Pass The Popcorn: 'As I Am: The Life & Times Of DJ AM' Premieres At Tribeca Film Festival [Review]
Still in the limelight of its Tribeca Film Festival premiere, As I AM: The Life And Times of DJ AM is an immediate record-scratching, heart-wrenching success. Directed by Kevin Kerslake, the feature-length documentary tells the story of Adam Goldstein, a Philadelia-born, California-raised DJ who beat back drug addiction and survived the unthinkable, rising to global fame and fortune as DJ AM .
Kerslake wastes no time as the film opens, thrusting his audience directly into a breakneck retelling of AM's earliest days. We learn that Goldstein watched as his family fell apart while still at a tender age, and that by the time he began toying around with a friend's set of turntables he had already lost his father, lost control of a drug habit, survived an abusive treatment program and contemplated suicide (which he later attempted--unsuccessfully). His addictions remained even as his DJ skills grew and the turntablist found himself playing all-night gigs in dingy Los Angeles clubs, pocketing $40, a gram of cocaine and a few beers as pay. AM showed huge potential--his friends remember his fiery creativity and recall his almost robotic focus during practice. But the drug habit he began during those years became his doomsday clock; even the brightest stars get swallowed by black holes.
But As I Am, is at least partly the story of one DJ's escape from the black hole. As it approcahes the present, the doc zooms in close on Goldstein's treatment and sobriety, and a chorus of interview subjects--including Jazzy Jeff, Diplo and Steve Aoki--sing his praises as an artist in recovery who poured everything into the music. It's here, in the film's mid-section, where Kerslake hits his stride. As clips of neon-drenched LA and Vegas parties come at the viewer in waves, we see AM bouncing from one turntable to another, cutting up records that no one else dared to even touch. Goldstein--whose own voice, culled from AA meeting tapes and radio interviews, narrates much of the film--develops on screen into a runaway success, a DJ who became an A-lister with million dollar contracts and mountains of respect.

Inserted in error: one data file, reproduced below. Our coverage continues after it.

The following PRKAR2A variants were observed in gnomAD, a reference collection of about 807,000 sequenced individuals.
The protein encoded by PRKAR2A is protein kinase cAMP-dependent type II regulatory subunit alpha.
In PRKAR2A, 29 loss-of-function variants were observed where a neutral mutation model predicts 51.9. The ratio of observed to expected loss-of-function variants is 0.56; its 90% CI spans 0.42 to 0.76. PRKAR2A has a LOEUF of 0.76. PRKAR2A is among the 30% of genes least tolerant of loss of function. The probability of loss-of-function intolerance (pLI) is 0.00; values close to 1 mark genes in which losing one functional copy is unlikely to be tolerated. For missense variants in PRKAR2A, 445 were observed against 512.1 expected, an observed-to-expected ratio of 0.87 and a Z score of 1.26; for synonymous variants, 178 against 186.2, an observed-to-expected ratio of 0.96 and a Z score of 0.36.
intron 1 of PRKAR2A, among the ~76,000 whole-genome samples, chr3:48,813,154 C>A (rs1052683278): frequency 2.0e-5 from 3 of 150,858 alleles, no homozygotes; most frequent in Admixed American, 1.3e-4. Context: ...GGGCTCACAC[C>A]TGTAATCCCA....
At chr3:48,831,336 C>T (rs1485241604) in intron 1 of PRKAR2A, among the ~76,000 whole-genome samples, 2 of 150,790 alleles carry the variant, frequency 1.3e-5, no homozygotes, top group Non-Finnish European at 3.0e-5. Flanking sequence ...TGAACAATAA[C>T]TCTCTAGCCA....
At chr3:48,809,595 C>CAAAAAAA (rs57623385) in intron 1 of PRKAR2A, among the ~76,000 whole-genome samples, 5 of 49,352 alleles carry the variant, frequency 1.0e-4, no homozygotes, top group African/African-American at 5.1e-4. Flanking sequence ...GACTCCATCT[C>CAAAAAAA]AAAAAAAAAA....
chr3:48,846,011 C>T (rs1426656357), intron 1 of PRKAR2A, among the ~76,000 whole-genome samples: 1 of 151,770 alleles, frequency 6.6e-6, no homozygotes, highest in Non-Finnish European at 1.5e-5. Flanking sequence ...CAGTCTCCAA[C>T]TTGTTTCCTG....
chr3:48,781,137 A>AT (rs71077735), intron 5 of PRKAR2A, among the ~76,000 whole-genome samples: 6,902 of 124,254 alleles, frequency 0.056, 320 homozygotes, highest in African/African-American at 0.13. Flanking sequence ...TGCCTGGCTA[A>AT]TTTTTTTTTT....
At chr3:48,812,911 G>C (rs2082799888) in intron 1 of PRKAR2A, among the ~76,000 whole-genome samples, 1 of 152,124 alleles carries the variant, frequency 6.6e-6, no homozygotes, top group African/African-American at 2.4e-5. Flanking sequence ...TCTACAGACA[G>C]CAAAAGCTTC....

As I AM boomerangs between these joyous scenes and the looming specter of addiction; time and time again we're jerked from watching Goldstein spin his heart out and seeing him quiver, in fear or a relapse. The abrupt highs and lows reflect the reality of AM's life, and rather than build him up as an artistic Jekyll and then later reveal the addict Hyde in a more conventional narrative arc, Kerslake's film chops up his ecstasy and pain, mixing it like one of the mash-ups DJ AM was known for. This happens again and again, almost like clockwork, making it easy to feel lost. These disorienting swings can feel like awkward filmmaking, but they also feel true and convey at least a little of the fast-motion pendulum that was AM's life.
No punches are pulled and near its close, As I Am bombards listeners with images of burned skin following Goldstein's 2008 plane crash. We see many of his friends and family come to the brink of tears, remembering the addiction and, later, PTSD that made AM doubt everything about his success and finally, let go. "Without his sobriety, there is no DJ AM," we hear as the film builds toward his tragic and deadly overdose.
As a music documentary with a complicated subject whose life offers no easy happy ending, As I Am succeeds in stressing the perils of addiction, the healing power of music and the basic need for friendship. Fans of DJing will relish in the footage of a young Goldstein honing his craft (it's a shame Kerslake didn't include more) and those who know the demon that is addiction will recognize the pain of AM and those who tried, but failed, to save him. As I Am is a vivid and disturbing portrait of music's power and human weakness. This Okayplayer strongly recommends it.